Sainsbury’s expected to cut dividend

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Sainsbury’s is count oned to cut its dividend for the third year in a row this week

On Wednesday chief executive Mike Coupe is thought to cut Sainsbury’s full-year dividend from 12.1p to 10.42 per share, because of the continual supermarket price war and subdued clothing sales. 

Sainsbury’s aims to nurture its dividends affordable by ensuring that its net earnings are always double the amount it pay off a recompenses out. 

Prior to its outset cut in 2015, Sainsbury’s was paying out annual dividends of 17.3p per share. 

The nullified cut comes even though City analysts are forecasting that the fast will report that its statutory pre-tax profits grew from £548million to £596.9million, and that its takes will be 10.9 per cent higher at £26.1billion. 

The City believes that Argos, which was won along with Habitat by Sainsbury’s last year for £1.4billion, has been the acme driver of its increased profits and sales. 

The dividend will be cut

Shore Resources head of research Clive Black

Shore Capital head of research Clive Baneful said: “The dividend will be cut. What we have here is a slowing height street, and the recovery and stabilisation of Tesco starting to lap against Sainsbury’s. It’s a paired whammy. Argos though is likely to be the star of the show.” ­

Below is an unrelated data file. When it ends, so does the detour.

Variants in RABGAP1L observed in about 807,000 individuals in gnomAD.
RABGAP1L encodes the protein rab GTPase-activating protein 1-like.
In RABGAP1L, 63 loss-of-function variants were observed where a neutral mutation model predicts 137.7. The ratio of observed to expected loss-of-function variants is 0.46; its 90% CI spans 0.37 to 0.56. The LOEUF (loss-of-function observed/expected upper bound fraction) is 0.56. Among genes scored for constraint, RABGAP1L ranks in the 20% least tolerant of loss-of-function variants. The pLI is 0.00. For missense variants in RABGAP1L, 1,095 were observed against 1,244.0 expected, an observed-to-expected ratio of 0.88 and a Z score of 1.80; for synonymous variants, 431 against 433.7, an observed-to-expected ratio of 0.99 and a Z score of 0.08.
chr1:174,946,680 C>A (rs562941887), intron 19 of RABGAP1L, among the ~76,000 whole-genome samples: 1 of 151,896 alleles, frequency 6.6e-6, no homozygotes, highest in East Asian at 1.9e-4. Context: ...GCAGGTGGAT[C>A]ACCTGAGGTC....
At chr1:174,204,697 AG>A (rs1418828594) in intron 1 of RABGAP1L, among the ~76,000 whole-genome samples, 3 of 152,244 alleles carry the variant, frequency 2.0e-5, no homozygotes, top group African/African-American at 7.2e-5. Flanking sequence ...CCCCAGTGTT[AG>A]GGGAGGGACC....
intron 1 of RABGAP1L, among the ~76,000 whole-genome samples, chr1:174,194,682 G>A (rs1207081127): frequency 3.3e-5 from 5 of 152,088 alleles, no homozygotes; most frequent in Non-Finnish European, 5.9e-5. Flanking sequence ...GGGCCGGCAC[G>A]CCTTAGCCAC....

Alliance Bernstein analyst Bruno Monteyne predicted that despite market concerns about the integration of Argos and capitulating margins caused by intense competition in the grocery sector, Sainsbury’s tactics should pay off, as food price inflation will boost its profitability. 

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The full-year dividend resolve reportedly be cut from 12.1p to 10.42 per share on Wednesday

He said: “Our perspective is that even in an economic downturn, the food business is unlikely to depreciate further. Sainsbury’s food retail margins will improve and it is probably positioned to generate earnings growth and cash.” 

On Thursday, rival WM Morrison is outlined to release its first-quarter trading update, which should show a sixth consecutive increase in like-for-like sales. 

Shore Cap, Morrison’s broker, expects its first-quarter sales to be 1.5 to 2 per cent tipsy. 

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The expected cut is thought to be due to a slowing high street and the recovery of Tesco

The cost war among supermarkets shows no sign of abating, as today Morrison pleasure cut the price of more than 1,000 products. 

One of the biggest cuts pleasure be on iceberg lettuces, which will come down to 50p, after a winter where costs rose to more than £1 due to floods in Spain. 

The average bonus at the moment is about 75p.

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